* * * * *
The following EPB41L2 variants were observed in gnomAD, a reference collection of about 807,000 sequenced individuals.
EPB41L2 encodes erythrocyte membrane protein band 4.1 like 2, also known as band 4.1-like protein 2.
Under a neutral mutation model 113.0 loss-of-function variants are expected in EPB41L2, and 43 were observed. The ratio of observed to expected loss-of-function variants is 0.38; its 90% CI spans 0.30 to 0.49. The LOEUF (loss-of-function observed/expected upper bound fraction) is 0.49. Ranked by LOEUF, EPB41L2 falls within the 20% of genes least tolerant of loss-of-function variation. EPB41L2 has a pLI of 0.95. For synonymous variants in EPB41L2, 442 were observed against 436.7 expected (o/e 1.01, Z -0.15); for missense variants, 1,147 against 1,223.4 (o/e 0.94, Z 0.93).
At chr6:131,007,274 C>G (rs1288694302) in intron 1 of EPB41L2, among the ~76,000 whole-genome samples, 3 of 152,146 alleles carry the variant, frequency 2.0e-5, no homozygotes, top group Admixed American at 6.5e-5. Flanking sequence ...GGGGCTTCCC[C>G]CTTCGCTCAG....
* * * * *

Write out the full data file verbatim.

The following EPB41L2 variants were observed in gnomAD, a reference collection of about 807,000 sequenced individuals.
EPB41L2 encodes erythrocyte membrane protein band 4.1 like 2, also known as band 4.1-like protein 2.
Under a neutral mutation model 113.0 loss-of-function variants are expected in EPB41L2, and 43 were observed. The ratio of observed to expected loss-of-function variants is 0.38; its 90% CI spans 0.30 to 0.49. The LOEUF (loss-of-function observed/expected upper bound fraction) is 0.49. Ranked by LOEUF, EPB41L2 falls within the 20% of genes least tolerant of loss-of-function variation. EPB41L2 has a pLI of 0.95. For synonymous variants in EPB41L2, 442 were observed against 436.7 expected (o/e 1.01, Z -0.15); for missense variants, 1,147 against 1,223.4 (o/e 0.94, Z 0.93).
At chr6:131,007,274 C>G (rs1288694302) in intron 1 of EPB41L2, among the ~76,000 whole-genome samples, 3 of 152,146 alleles carry the variant, frequency 2.0e-5, no homozygotes, top group Admixed American at 6.5e-5. Flanking sequence ...GGGGCTTCCC[C>G]CTTCGCTCAG....